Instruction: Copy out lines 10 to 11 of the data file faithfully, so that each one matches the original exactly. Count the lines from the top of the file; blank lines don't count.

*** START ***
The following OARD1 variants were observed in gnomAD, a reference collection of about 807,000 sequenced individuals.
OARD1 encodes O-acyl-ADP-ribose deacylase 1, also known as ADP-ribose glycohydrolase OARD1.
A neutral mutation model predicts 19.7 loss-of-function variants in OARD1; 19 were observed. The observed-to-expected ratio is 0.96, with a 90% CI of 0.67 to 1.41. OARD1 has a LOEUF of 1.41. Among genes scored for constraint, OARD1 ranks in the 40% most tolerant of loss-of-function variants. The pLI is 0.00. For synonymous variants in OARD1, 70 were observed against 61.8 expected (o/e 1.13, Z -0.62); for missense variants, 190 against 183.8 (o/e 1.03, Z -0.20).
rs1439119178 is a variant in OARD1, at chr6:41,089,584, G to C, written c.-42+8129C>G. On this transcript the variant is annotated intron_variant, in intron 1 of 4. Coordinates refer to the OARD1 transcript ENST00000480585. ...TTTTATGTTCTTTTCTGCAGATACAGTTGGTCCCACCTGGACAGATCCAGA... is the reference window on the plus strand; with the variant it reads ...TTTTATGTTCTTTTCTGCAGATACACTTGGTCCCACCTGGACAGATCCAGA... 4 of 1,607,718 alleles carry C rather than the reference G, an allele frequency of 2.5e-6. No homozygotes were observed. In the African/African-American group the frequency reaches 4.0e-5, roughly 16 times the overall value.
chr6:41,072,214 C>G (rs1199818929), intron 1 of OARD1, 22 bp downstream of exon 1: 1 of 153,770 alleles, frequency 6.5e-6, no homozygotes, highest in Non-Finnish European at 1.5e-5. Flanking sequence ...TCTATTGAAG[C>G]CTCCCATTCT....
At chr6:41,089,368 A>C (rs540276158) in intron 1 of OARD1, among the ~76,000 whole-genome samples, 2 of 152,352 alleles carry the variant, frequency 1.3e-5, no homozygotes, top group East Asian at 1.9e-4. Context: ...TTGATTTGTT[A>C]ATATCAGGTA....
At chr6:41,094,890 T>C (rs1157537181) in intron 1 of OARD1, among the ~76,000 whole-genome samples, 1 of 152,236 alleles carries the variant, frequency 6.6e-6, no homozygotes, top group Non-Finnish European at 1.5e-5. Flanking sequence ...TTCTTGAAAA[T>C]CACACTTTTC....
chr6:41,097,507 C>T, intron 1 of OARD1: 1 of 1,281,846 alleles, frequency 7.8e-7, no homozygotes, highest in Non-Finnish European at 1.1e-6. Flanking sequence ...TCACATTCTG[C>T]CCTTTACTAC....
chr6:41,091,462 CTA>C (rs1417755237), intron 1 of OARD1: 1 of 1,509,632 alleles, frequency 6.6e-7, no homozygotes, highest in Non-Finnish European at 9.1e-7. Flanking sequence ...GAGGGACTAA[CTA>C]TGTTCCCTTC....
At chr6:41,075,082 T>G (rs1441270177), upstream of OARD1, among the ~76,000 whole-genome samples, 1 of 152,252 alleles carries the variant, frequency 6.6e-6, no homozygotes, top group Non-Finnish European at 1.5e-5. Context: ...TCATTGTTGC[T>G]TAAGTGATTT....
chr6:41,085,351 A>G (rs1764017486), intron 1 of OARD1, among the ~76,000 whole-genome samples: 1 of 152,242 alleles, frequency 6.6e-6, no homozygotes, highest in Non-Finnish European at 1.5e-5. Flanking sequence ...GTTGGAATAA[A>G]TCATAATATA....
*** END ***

At chr6:41,075,082 T>G (rs1441270177), upstream of OARD1, among the ~76,000 whole-genome samples, 1 of 152,252 alleles carries the variant, frequency 6.6e-6, no homozygotes, top group Non-Finnish European at 1.5e-5. Context: ...TCATTGTTGC[T>G]TAAGTGATTT....
chr6:41,085,351 A>G (rs1764017486), intron 1 of OARD1, among the ~76,000 whole-genome samples: 1 of 152,242 alleles, frequency 6.6e-6, no homozygotes, highest in Non-Finnish European at 1.5e-5. Flanking sequence ...GTTGGAATAA[A>G]TCATAATATA....